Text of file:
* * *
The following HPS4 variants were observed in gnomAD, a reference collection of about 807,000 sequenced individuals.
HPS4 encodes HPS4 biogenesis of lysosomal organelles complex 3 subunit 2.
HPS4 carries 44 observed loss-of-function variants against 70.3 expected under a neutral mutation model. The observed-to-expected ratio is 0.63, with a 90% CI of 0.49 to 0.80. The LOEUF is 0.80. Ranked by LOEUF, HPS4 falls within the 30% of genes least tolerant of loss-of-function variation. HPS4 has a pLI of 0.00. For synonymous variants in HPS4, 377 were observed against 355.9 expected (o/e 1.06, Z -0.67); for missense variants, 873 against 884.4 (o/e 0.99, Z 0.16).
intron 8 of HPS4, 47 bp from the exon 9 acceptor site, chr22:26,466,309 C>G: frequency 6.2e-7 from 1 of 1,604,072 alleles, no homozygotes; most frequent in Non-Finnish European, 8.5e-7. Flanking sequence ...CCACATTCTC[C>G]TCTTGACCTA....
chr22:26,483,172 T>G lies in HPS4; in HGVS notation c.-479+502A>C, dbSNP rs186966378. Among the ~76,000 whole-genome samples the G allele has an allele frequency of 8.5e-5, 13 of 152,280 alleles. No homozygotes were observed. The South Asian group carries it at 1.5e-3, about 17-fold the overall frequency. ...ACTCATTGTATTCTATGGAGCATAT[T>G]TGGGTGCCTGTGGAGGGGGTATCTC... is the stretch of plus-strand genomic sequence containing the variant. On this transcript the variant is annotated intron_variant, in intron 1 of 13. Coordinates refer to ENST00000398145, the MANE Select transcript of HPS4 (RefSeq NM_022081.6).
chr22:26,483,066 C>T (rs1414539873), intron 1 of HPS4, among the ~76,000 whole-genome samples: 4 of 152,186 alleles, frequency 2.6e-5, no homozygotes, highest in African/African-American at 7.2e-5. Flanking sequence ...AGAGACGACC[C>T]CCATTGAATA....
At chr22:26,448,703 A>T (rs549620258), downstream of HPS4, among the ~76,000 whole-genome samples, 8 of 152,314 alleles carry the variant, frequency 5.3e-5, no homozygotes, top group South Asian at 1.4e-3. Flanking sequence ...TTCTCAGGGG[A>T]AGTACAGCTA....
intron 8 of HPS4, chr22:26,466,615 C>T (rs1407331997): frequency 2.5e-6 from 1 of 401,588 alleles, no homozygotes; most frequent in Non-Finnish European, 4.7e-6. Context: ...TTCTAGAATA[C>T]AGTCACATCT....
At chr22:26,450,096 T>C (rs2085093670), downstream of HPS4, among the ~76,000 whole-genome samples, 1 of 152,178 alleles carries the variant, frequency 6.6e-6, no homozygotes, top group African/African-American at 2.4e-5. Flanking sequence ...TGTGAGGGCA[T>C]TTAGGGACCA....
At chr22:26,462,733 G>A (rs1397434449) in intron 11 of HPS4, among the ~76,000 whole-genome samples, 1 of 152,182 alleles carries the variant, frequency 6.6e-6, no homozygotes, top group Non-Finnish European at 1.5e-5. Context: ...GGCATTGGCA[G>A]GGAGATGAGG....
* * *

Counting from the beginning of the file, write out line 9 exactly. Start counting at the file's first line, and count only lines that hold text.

At chr22:26,450,096 T>C (rs2085093670), downstream of HPS4, among the ~76,000 whole-genome samples, 1 of 152,178 alleles carries the variant, frequency 6.6e-6, no homozygotes, top group African/African-American at 2.4e-5. Flanking sequence ...TGTGAGGGCA[T>C]TTAGGGACCA....